Only one other batsman in the top six touched double digits; it said much about the pitch and the form of the other batsmen but most importantly it highlighted Mahela Jayawardene's mastery on a slow and low pitch.
There wasn't a single shot in violence from Jayawardene. Not one looked ugly. Not for a moment did he look hurried. And yet, his strike-rate was over 150. It was such a graceful knock that it stood out amid the violence that this format usually brings in batsmen. Perhaps it's his economy of movement and the languid flow of his bat that catches the eye. The experts reckoned the pitch would make hitting on the up a difficult task, that the ball would stop on the batsmen, that timing would be difficult to find. And it appeared so when the likes of Kumar Sangakkara and the rest batted. Not when Jayawardene took strike.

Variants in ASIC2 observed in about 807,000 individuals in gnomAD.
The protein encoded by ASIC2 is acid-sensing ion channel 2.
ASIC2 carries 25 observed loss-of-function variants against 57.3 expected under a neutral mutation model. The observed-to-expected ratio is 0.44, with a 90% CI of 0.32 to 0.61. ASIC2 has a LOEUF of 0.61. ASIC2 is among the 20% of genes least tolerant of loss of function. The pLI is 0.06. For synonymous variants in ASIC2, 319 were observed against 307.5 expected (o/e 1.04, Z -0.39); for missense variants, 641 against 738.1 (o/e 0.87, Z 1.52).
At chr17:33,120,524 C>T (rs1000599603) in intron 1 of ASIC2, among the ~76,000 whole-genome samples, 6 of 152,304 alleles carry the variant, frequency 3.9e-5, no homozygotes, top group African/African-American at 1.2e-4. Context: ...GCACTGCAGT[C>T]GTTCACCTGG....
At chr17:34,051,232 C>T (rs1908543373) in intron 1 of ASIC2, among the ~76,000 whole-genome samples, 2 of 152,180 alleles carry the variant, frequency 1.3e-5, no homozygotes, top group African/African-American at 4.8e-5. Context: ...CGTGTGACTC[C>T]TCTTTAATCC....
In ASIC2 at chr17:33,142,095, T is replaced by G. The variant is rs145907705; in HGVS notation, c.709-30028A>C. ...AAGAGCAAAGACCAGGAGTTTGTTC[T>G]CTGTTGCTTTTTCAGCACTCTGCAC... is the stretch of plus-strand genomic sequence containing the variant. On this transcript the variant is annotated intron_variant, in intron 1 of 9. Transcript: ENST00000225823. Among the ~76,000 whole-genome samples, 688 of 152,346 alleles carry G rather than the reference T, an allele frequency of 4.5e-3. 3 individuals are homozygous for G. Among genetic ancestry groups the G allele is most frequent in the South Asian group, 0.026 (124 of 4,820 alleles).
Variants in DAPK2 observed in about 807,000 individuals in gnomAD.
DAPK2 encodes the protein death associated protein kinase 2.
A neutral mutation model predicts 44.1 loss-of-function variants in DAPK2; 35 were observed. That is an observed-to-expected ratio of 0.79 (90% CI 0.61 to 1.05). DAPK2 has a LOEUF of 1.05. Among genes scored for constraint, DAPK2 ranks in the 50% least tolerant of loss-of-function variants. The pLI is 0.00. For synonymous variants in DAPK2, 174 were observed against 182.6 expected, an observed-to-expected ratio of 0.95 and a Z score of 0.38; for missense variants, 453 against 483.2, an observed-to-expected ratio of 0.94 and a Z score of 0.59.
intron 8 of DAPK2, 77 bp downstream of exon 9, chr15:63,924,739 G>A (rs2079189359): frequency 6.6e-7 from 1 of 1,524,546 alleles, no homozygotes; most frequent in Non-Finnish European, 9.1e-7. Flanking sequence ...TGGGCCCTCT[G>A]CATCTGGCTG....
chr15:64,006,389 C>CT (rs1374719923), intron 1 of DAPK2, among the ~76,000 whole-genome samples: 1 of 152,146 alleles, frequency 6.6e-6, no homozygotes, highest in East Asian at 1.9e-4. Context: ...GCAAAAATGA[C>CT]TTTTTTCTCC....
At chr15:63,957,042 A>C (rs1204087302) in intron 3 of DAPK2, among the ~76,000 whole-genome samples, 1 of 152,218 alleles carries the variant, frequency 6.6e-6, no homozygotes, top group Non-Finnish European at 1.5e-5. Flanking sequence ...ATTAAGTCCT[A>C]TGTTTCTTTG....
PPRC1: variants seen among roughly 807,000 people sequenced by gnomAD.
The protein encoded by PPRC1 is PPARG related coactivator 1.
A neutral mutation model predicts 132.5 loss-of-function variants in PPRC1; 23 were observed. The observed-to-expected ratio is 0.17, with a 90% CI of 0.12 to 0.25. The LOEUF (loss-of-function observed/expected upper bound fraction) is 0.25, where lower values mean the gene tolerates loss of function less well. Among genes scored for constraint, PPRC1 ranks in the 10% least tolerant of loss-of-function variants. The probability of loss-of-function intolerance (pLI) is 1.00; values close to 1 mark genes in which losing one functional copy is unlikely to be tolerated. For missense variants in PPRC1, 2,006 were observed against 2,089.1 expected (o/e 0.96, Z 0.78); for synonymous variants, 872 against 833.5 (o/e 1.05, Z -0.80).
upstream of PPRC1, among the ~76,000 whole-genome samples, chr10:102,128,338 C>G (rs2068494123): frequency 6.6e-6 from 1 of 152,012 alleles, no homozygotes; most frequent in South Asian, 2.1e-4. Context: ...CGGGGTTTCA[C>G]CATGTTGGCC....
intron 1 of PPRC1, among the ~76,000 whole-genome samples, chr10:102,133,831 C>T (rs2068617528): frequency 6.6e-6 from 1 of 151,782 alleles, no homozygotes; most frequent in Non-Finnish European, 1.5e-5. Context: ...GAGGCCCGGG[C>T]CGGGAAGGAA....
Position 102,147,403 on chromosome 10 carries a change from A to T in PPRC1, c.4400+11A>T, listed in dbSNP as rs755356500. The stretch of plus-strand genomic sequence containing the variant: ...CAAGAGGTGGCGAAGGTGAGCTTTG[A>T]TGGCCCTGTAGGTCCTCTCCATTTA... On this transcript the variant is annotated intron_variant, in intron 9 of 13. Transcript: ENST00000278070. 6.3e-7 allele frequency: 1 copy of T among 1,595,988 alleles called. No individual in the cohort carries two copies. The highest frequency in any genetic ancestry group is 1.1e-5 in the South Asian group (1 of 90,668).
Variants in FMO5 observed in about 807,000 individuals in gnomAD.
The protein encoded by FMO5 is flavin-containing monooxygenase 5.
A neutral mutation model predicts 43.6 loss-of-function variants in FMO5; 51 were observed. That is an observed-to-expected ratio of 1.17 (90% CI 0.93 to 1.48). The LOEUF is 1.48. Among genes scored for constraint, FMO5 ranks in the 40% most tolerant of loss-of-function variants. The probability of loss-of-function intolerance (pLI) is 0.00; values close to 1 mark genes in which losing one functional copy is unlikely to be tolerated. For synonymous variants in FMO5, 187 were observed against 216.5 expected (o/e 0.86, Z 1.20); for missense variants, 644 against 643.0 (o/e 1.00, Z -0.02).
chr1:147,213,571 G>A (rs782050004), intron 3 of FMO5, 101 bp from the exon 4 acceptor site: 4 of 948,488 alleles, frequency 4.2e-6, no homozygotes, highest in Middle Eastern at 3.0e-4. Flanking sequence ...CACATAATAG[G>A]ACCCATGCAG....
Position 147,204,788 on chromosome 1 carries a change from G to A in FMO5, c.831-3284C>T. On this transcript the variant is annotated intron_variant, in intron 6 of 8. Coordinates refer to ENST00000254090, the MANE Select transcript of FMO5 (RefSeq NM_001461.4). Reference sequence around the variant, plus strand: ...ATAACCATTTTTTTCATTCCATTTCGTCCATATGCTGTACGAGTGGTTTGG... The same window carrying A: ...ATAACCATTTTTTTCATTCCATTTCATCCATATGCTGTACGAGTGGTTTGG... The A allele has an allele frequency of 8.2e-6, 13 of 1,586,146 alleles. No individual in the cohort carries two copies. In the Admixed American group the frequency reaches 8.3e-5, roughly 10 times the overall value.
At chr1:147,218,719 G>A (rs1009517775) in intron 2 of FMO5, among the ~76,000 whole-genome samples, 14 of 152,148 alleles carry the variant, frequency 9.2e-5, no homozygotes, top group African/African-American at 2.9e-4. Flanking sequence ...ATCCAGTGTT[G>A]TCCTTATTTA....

There was a six hit on the up over extra cover that was a perfect advertisement for Jayawardene's skill. He was walking down the track to the medium pace of Elton Chigumbura but kept his head still and balance perfect. Chigumbura shortened his length to try and upset the balance but Jayawardene swung his bat through the line and the ball soared over the extra-cover boundary.
Jayawardene flowed right from the start today, collecting three boundaries in the first over from Chris Mfou: A cut, an on-the-up six over long off and a whiplash on-drive. He repeatedly drove the seamers through the off side, there was even a deft upper cut to a slow bouncer from Elton Chigumbura, but he treated the spinners with more respect. He looked for opportunities to unfurl his cuts and sweeps against the slow men and rotated the strike with wristy nudges. He slog-swept and pulled Price for boundaries, slog swept Graeme Cremer for a six, late cut and swatted Greg Lamb to the boundary.